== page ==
My study of history has broadly focused on identifying causal relationships or their agents and their long-term social effects. This holistic examination of historical causation has given me the faintest glimmer of understanding for the historical forces and possibilities that act upon human civilizations. As usual, these are easier to recognize in hindsight, and no one has advanced a satisfactory theory of historical prediction to my knowledge, so what I attempt might best be described as metahistorical analysis.

At least, it is a means to understand why your initial prediction was wrong. What you thought would happen—or wanted to happen—just wasn’t historically possible. That’s where I was at the end of AD2013, when I made the decision to leave California. The historical model I was working to actualize collapsed. California was not going to become the state I needed it to be within my lifetime … or more importantly within my daughter’s lifetime.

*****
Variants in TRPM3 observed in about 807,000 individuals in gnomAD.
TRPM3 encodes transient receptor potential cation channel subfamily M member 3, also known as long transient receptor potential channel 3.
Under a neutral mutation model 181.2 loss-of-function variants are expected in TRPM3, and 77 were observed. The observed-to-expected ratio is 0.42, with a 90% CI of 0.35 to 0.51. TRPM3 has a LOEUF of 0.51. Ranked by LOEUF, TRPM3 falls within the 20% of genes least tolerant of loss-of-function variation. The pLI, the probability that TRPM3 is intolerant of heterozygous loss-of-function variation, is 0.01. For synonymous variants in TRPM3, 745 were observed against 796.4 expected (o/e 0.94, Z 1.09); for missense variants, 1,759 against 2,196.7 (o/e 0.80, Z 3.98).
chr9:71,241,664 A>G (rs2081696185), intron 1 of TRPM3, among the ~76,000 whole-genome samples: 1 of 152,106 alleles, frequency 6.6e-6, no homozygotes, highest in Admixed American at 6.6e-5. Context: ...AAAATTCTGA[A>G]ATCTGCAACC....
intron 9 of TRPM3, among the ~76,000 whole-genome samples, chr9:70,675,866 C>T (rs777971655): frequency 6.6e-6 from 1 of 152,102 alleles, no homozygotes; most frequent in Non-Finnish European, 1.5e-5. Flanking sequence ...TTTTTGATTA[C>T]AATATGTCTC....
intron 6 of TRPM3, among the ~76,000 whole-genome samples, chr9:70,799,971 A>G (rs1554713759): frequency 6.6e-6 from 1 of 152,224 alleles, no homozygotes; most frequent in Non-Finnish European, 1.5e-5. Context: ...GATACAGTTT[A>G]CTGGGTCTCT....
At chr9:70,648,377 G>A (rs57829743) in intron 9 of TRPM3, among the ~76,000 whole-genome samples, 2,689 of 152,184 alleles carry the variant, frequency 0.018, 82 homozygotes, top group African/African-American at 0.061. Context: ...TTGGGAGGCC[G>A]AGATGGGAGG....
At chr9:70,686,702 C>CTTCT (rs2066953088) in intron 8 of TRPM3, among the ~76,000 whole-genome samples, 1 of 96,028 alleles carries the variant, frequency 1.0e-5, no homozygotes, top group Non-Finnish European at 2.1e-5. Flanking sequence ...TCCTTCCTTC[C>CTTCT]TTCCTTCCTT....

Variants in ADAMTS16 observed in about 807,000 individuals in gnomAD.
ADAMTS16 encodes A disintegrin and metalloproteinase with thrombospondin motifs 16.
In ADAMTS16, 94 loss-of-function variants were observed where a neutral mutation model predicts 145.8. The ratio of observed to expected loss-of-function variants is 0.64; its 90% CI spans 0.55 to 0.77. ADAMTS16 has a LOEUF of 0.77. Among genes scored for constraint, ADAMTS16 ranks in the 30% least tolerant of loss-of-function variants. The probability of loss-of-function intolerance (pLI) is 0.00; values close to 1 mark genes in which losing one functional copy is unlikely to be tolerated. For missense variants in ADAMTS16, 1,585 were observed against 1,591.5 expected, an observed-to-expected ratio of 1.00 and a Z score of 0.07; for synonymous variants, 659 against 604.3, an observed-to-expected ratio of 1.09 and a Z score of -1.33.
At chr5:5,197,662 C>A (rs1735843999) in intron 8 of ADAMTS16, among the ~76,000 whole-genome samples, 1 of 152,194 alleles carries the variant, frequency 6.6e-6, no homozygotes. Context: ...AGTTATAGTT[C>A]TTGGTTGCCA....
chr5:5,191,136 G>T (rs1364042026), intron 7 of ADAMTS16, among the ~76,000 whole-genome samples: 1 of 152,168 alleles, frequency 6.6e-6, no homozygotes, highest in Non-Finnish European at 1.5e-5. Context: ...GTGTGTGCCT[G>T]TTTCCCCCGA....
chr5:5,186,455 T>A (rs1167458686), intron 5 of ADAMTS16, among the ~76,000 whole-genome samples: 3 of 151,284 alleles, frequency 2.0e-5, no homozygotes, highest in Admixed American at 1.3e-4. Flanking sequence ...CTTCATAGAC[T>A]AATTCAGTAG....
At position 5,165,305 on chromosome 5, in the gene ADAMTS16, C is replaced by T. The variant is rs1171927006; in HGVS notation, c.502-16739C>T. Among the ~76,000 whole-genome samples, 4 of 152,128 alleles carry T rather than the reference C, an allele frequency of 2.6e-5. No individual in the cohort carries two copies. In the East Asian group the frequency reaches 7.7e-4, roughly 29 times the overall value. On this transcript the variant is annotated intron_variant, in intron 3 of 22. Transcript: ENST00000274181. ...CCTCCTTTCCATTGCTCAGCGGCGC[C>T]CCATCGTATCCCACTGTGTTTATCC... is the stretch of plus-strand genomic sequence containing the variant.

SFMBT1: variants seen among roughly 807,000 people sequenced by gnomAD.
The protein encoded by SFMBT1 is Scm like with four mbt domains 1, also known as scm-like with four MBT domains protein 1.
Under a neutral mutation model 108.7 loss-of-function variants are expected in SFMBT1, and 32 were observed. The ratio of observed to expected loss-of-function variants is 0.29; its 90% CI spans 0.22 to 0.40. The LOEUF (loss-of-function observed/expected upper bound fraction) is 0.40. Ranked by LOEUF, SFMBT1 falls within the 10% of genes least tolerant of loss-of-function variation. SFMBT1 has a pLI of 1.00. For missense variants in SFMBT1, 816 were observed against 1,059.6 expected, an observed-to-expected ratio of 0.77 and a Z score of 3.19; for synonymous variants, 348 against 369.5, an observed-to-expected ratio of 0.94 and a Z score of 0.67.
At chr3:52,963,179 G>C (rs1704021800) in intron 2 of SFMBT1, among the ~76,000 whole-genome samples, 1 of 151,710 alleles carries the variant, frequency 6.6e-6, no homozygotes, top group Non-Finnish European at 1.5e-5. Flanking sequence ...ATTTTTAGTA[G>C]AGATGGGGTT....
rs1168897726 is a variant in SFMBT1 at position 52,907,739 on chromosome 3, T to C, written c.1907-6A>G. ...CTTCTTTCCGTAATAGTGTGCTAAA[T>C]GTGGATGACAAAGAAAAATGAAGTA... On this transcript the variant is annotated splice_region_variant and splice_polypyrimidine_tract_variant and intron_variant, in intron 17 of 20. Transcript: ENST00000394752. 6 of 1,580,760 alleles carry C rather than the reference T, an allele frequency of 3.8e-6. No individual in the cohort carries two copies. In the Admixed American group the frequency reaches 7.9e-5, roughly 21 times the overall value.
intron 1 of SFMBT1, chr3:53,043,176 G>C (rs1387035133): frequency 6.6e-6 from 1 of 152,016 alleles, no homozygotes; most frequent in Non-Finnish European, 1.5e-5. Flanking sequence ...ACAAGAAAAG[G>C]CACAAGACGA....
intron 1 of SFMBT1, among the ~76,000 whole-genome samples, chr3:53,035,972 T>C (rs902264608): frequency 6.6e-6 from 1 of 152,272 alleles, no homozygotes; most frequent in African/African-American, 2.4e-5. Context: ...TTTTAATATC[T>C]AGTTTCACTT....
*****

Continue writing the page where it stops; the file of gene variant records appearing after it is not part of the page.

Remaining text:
The arc of American history had entered an inflection point. Therein, the possible outcomes became especially murky. Dramatic change comes out of inflection points. They can be times of glorious revolution or of horrific social disaster. We’re seeing the beginning of that now—and human civilization may lie in the balance.

Global historical trends may be better served in some future post, but as we emerge from the inflection point, they will all become relevant. The United States has merely been on the leading edge of Western history by some combination of luck and genius, becoming the bellwether of Enlightenment culture. If we Americans fail, the odds of Western civilization surviving the 21st century drop considerably, I suspect.

What did the election mean in this respect? Will President Trump and a Republican Congress tip us up the positive curve? Would a President Hillary Clinton have sent us down the negative curve? I don’t know. I expected terrible developments under a Clinton administration, but these also might have stoked the political will to make real positive change—or they might have literally destroyed the republic. The Trump years will avert any immediate disaster, I’m quite sure. We have at least a second chance to shore up the institutional safeguards that protect constitutional governance and individual opportunities and freedoms. However, if that fails to occur, I doubt the political will can ever again be rallied to fight for those values.